The official said 12 other Islamic State fighters were also killed in the strike, which hit near the town of Shadadi. No civilians were killed, the official added.
Shishani’s death, if confirmed, would represent a strike at the organization’s group of operational leaders. Shishani was a skilled tactician who helped Syrian rebels to victory in a number of key battles earlier in the war. He was also likely a key decision-maker for Islamic State combat operations in the region. By contrast, the 2015 attack on Mohammed Emwazi, the ISIS executioner known by many as “Jihadi John,” eliminated a more symbolic member of the terrorist group.
Shadadi has been the site of heavy fighting in recent weeks as the Syrian Democratic Forces and Kurdish YPG fighters have fought to retake the town from Islamic State forces. Backed by U.S. airstrikes and advisers, the two groups managed to take the town — a key intersection for Islamic State forces moving into Iraq — relatively quickly.
“It is unusual and noteworthy that [Shishani] — who was the ISIL equivalent of the secretary of defense — had traveled to the al-Shadadi area from Raqqa,” the official said.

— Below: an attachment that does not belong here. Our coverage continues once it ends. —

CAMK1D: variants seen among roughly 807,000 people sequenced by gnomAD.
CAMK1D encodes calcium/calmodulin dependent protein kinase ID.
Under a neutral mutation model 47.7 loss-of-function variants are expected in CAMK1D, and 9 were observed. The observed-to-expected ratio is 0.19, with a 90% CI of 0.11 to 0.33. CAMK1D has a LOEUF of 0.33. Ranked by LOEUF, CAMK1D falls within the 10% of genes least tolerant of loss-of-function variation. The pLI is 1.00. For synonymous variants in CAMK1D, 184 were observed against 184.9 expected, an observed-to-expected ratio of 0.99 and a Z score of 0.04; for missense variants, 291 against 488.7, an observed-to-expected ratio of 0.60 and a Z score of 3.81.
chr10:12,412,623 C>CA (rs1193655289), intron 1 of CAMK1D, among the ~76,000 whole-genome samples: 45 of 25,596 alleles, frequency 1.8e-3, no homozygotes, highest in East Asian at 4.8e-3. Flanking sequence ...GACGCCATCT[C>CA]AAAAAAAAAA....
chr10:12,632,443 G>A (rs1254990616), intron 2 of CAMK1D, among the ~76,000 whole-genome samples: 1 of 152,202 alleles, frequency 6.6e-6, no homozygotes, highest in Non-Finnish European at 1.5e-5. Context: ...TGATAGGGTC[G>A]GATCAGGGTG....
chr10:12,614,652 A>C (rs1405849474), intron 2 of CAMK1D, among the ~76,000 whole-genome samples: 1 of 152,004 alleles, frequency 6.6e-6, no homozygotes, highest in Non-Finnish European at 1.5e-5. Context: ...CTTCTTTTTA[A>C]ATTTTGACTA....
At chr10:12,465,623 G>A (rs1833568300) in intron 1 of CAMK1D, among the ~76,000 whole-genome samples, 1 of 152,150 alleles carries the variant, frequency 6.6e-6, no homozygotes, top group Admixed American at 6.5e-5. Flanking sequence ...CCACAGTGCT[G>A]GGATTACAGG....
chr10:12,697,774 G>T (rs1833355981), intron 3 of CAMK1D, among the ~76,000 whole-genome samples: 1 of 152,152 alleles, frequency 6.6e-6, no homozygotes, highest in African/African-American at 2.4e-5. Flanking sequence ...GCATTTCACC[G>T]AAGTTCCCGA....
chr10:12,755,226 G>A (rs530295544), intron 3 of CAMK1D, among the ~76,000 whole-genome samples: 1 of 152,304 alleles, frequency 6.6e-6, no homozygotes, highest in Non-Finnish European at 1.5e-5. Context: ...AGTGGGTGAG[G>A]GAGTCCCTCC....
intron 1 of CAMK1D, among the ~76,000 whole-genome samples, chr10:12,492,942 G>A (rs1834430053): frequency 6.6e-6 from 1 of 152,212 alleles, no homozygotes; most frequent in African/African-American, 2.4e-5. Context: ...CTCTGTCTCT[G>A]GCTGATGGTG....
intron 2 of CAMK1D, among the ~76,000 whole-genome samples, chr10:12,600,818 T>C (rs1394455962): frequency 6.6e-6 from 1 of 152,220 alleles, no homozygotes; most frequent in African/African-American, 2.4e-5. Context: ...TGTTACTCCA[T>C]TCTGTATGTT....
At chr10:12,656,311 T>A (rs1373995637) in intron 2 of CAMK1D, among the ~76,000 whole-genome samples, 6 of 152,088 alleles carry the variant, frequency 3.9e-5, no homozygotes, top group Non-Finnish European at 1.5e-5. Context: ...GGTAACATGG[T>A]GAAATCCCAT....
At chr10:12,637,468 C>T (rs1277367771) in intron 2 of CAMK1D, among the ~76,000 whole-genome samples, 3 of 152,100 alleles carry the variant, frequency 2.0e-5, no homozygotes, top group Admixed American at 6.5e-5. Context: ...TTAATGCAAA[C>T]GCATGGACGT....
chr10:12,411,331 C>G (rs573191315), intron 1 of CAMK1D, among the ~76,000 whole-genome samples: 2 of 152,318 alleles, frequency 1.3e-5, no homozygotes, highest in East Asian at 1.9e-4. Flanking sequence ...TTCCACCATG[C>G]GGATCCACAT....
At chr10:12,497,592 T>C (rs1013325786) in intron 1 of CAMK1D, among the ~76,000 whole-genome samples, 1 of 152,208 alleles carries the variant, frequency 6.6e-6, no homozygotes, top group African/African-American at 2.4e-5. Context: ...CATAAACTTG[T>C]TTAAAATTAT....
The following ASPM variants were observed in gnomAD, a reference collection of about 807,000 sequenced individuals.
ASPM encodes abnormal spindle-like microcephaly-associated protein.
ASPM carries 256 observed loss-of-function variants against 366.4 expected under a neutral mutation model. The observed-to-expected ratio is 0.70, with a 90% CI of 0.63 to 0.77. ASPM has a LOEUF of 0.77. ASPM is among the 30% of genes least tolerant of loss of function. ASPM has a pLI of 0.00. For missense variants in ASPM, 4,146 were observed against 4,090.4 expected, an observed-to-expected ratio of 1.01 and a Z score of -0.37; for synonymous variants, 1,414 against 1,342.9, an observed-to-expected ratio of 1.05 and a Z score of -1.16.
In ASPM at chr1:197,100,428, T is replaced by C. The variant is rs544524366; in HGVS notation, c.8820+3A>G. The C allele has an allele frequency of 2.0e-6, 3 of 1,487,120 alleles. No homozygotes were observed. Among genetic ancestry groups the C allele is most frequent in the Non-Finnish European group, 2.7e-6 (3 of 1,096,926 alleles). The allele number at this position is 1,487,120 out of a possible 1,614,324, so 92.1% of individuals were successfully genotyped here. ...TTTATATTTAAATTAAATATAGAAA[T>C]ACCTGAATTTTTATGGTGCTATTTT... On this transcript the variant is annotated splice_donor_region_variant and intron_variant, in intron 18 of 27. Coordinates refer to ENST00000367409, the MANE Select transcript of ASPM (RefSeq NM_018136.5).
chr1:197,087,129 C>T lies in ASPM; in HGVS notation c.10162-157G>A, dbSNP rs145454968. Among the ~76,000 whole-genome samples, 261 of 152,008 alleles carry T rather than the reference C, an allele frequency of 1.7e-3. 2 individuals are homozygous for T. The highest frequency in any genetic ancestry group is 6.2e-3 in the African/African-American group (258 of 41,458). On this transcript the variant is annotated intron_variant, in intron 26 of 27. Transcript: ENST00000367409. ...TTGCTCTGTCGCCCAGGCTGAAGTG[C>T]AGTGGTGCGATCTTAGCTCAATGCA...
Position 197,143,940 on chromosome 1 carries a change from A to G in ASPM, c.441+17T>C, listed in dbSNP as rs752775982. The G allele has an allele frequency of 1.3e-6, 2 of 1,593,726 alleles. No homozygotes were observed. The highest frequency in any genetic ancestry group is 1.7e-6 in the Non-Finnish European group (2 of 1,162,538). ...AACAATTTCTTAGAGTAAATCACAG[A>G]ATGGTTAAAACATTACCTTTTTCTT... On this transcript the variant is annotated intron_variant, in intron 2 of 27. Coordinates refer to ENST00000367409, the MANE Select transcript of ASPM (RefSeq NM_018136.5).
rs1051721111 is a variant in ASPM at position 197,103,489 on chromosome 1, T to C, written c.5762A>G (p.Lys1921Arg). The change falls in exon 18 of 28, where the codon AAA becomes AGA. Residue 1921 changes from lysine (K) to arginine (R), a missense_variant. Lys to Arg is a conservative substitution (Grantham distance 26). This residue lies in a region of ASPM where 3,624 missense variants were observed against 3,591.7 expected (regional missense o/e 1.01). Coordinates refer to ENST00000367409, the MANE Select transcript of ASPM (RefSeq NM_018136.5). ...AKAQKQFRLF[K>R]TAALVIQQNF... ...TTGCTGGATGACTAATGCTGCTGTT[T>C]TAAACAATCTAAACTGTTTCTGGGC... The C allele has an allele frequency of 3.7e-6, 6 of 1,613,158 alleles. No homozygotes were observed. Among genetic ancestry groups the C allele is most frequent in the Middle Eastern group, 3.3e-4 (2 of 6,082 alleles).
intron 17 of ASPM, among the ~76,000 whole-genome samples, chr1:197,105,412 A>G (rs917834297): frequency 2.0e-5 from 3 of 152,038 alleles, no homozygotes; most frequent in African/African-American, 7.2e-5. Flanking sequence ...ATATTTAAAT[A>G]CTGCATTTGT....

Shishani’s presence near Shadadi “was likely to bolster the sagging morale of ISIL fighters there,” the official said, using an acronym for the Islamic State.
A Georgian by birth known also as “Omar the Chechen” and by his birth name of Tarkhan Tayumurazovich Batirashvili, Shishani fought in the Georgian armed forces during the country’s short war in 2008 against the Russians. After serving out his time in his home country’s military, Shishani joined a number of rebel brigades fighting in Syria following the start of the country’s civil war in 2011. Sometime in 2013, Shishani joined the Islamic State. In September 2014, Shishani was added to the U.S. Treasury Department’s list of specially designated global terrorists.
“Batirashvili is a battle-tested leader with experience who had led ISIL fighters in numerous engagements in Iraq and Syria,” Cook said in an emailed statement. “His potential removal from the battlefield would negatively impact ISIL’s ability to recruit foreign fighters — especially those from Chechnya and the [Caucasus] regions — and degrade ISIL’s ability to coordinate attacks and defense of its strongholds like Raqqah, Syria, and Mosul, Iraq.”